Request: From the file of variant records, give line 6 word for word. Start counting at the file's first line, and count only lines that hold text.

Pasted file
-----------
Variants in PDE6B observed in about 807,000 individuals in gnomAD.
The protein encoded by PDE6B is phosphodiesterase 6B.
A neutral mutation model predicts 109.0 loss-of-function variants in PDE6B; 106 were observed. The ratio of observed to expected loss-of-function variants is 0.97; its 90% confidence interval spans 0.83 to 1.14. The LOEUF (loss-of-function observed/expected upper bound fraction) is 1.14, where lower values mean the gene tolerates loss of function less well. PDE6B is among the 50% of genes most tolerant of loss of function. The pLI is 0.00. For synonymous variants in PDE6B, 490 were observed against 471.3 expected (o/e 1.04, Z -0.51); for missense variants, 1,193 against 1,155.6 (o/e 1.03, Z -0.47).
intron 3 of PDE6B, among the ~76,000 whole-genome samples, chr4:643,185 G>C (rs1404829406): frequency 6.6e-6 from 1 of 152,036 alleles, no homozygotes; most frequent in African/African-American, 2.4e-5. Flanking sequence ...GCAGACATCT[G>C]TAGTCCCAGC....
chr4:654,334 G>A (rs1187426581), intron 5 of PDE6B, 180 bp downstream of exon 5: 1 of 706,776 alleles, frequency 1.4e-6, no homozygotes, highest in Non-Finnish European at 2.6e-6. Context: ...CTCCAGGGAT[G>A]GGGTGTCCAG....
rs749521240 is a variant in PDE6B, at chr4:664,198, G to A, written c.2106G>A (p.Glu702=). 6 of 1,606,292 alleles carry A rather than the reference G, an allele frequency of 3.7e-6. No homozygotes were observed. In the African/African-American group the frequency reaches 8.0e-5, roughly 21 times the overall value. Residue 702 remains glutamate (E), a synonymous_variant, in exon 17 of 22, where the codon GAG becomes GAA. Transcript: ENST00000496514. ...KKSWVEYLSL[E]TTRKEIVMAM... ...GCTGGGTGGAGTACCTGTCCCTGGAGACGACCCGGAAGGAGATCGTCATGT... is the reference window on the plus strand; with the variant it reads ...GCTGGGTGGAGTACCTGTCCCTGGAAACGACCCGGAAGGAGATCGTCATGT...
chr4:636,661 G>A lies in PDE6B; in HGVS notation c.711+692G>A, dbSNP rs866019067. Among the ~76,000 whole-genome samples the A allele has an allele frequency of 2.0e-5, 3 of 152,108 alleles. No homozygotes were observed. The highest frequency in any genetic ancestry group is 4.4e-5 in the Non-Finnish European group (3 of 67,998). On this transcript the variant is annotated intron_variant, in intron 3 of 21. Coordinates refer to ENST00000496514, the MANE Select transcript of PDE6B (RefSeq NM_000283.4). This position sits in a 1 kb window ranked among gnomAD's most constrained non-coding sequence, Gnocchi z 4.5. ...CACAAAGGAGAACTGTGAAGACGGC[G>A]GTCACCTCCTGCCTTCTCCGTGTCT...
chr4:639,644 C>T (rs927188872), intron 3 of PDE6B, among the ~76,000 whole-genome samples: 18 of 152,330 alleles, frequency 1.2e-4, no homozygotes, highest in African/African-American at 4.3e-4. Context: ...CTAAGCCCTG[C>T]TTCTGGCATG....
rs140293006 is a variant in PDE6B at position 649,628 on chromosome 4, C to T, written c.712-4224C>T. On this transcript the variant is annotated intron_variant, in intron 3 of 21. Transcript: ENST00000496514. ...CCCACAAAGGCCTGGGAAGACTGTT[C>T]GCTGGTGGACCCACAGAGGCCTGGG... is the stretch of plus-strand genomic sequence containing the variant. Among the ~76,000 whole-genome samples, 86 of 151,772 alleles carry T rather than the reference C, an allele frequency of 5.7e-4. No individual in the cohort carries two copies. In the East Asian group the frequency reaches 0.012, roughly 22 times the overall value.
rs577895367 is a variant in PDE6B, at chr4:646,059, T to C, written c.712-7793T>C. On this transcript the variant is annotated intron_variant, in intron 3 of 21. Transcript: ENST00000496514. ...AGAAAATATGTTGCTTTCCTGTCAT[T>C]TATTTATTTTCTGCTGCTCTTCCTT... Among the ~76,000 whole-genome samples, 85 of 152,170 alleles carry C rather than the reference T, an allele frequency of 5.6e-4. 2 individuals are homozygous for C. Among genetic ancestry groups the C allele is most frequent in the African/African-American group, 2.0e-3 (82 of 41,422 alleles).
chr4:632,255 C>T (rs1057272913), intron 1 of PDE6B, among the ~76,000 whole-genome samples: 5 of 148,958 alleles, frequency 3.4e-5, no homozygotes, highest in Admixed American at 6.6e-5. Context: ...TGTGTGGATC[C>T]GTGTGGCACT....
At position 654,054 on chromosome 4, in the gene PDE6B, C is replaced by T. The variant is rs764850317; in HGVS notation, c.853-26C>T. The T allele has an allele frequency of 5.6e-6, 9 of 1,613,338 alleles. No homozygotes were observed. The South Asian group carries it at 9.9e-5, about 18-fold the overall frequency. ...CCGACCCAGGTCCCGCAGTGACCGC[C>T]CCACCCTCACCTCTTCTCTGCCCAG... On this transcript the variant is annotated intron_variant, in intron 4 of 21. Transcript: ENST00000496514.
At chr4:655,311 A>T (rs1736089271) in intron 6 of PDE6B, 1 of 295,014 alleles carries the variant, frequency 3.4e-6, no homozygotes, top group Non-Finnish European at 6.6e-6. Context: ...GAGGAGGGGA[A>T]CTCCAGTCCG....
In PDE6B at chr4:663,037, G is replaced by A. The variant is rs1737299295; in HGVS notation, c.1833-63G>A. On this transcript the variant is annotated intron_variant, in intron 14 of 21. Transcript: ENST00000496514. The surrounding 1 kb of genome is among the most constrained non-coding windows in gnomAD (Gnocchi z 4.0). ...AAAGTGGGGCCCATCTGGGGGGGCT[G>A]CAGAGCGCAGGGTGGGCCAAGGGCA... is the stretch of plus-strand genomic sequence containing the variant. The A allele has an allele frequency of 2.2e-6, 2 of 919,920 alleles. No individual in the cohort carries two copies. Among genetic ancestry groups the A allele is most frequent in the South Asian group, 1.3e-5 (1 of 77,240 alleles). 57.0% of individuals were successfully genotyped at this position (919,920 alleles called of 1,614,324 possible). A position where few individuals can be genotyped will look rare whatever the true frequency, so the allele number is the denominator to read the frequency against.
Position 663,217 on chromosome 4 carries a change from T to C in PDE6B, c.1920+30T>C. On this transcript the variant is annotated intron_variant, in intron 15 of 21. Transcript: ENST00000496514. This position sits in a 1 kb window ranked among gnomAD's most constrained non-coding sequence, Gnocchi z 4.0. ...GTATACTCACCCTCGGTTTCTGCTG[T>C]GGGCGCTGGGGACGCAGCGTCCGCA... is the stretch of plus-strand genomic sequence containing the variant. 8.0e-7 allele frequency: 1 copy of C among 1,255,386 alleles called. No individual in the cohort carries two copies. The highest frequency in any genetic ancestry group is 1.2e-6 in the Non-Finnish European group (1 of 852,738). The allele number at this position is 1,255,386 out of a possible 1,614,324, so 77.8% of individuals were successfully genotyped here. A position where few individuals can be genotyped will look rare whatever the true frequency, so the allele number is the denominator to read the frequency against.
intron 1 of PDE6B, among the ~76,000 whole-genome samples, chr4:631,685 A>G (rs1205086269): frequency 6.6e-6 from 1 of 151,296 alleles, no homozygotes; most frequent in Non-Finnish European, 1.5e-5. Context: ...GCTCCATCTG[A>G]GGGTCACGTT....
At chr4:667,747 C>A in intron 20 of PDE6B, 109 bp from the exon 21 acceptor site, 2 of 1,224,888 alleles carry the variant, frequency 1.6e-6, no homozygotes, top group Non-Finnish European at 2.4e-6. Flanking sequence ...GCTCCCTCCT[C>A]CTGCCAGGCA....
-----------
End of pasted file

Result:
rs749521240 is a variant in PDE6B, at chr4:664,198, G to A, written c.2106G>A (p.Glu702=). 6 of 1,606,292 alleles carry A rather than the reference G, an allele frequency of 3.7e-6. No homozygotes were observed. In the African/African-American group the frequency reaches 8.0e-5, roughly 21 times the overall value. Residue 702 remains glutamate (E), a synonymous_variant, in exon 17 of 22, where the codon GAG becomes GAA. Transcript: ENST00000496514. ...KKSWVEYLSL[E]TTRKEIVMAM... ...GCTGGGTGGAGTACCTGTCCCTGGAGACGACCCGGAAGGAGATCGTCATGT... is the reference window on the plus strand; with the variant it reads ...GCTGGGTGGAGTACCTGTCCCTGGAAACGACCCGGAAGGAGATCGTCATGT...